Other recent modern histories of Egyptian Jews by ‘Arfa ‘Abduh ‘Ali and Sa‘ida Muhammad Husni follow Siham Nassar's and ‘Awatif ‘Abd al-Rahman's conception of the Jews as foreigners who overwhelmingly embraced Zionism. Nabil ‘Abd al-Hamid Sayyid Ahmad, a professor at Minya University who is not a propagandist for radical Islamist views, extends this perspective to its extreme limit by expressing a certain sympathy for the view of the Muslim Brothers, who rejected the proposition that one could and should distinguish between the Jews of Egypt and the Jews of Palestine (and later Israel). Ultimately, he argues, “reality proved that it is difficult to distinguish between a Zionist Jew and one who is not.”  Ahmad thus effectively obliterates the distinction between Jews and Zionists.
One of the few published opinions in the 1980s to insist on the importance of upholding this distinction is Shihata Harun's Yahudi fi al-qahira (A Jew in Cairo). Harun joined the Democratic Movement for National Liberation led by Henri Curiel in the 1940s and ultimately became a member of the Communist Party of Egypt. He is one of the handful of Jewish communists who continued to live in Egypt after the 1950s. His book is a collection of letters, interviews, and essays written from 1967 to 1985 in which he defines himself as an Egyptian Jew, an anti-Zionist, an Egyptian nationalist, a supporter of the national rights of the Palestinian people, and an opponent of the Camp David process. In a 1975 interview in Ruz al-Yusuf, Harun stated, “I am a Jew, yes, and a leftist, yes. But the most important characteristic is that I am an Egyptian. As far as I know, being an Egyptian is not conditional on changing either my religion or my political beliefs.”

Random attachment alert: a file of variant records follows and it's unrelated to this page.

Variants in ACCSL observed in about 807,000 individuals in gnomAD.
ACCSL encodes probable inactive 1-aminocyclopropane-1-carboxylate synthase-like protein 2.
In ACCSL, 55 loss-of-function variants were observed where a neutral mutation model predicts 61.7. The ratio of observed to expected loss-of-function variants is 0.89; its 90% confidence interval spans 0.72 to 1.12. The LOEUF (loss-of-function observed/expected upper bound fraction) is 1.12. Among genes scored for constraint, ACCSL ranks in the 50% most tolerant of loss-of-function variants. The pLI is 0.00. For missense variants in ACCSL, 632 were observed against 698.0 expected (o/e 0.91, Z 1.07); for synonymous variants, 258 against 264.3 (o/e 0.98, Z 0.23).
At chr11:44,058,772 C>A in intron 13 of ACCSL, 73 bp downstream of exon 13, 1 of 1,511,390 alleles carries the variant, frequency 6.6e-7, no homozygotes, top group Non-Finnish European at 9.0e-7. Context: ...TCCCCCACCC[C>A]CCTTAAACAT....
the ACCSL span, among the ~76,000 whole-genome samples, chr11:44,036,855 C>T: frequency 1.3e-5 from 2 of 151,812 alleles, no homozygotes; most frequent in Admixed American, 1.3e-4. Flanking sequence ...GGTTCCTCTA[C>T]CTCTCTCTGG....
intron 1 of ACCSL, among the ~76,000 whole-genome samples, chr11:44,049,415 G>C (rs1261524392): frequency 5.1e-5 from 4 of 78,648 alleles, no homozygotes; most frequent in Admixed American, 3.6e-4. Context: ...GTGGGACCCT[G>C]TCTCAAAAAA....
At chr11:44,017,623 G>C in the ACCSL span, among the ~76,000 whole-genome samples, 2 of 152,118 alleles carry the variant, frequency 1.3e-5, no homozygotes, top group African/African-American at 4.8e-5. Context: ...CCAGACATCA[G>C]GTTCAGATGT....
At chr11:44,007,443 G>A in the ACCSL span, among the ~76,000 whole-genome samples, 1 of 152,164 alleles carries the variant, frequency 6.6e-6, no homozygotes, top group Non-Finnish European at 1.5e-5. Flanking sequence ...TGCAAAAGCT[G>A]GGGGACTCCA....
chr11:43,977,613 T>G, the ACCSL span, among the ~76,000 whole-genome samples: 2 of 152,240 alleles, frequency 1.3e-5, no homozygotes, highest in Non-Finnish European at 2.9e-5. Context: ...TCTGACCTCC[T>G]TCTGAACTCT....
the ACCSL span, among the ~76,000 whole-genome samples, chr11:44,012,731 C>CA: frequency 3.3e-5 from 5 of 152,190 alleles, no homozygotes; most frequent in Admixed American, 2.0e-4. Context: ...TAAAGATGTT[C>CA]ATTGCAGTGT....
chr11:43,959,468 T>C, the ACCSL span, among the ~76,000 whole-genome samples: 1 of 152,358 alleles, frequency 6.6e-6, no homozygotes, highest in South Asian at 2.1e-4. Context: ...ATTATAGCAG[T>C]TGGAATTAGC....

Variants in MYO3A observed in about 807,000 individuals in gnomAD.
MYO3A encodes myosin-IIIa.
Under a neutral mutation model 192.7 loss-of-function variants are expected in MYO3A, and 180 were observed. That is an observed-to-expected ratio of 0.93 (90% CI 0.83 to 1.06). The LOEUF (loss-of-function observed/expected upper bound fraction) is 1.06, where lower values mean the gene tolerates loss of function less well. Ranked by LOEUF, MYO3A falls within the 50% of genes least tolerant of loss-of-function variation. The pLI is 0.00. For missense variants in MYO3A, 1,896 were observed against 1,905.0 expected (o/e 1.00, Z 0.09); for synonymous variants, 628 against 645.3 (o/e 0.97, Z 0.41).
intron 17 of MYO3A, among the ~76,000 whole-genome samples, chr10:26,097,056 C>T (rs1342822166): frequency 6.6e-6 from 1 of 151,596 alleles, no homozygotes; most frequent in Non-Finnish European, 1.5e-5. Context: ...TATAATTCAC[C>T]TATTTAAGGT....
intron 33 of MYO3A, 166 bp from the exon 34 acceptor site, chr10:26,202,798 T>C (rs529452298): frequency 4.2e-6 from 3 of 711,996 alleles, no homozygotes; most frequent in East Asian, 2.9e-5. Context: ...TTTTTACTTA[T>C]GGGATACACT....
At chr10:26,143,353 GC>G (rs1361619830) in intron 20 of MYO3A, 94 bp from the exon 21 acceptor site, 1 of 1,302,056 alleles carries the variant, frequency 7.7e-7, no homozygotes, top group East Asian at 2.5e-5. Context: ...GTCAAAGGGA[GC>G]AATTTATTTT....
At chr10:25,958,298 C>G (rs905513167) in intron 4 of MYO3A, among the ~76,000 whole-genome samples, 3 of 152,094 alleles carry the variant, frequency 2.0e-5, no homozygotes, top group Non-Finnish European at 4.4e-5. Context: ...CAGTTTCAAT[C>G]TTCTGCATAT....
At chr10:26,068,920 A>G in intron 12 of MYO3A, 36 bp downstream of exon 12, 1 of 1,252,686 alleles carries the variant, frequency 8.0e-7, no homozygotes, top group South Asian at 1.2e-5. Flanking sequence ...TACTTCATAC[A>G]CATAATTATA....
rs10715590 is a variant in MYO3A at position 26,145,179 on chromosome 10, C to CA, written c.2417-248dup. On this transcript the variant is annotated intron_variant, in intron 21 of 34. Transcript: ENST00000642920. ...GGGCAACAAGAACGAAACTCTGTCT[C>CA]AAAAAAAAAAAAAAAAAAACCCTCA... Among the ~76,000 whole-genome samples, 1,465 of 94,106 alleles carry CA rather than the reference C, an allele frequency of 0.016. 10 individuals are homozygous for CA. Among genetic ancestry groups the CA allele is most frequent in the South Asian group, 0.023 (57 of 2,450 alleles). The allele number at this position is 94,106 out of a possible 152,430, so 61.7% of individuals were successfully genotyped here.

The interviewer, Salah Hafiz, was a former communist who was prepared to offer Harun a forum for this argument. But many of Harun's comrades were less bold. The name of the Marxist publishing house that issued Yahudi fi al-qahira was slightly altered on the title page of the book (Dar al-Thaqafa al-Haditha instead of Dar al-Thaqafa al-Jadida), suggesting that the directors of the press were ambivalent about Harun's position and unwilling to take full public responsibility for it even though it was entirely consistent with orthodox Marxist doctrine.
During the 1970s and 1980s, Harun often expressed his views to the Arab and international press and at international conferences. Nonetheless, he was arrested with all the other able-bodied Jewish males during the 1967 war; and he was arrested as a communist in 1975 and again in 1979. Neither the government of Gamal Abdel Nasser nor that of Anwar al-Sadat was willing to accept the sincerity of his anti-Zionist and Egyptian nationalist commitments or his Marxist convictions. By the mid-1980s, very few Egyptians (mainly some of those who had been strongly influenced by Marxism for a period of their lives) were willing to insist publicly on making a principled political distinction between Jews and Zionists.
Jewish Capitalism in Egypt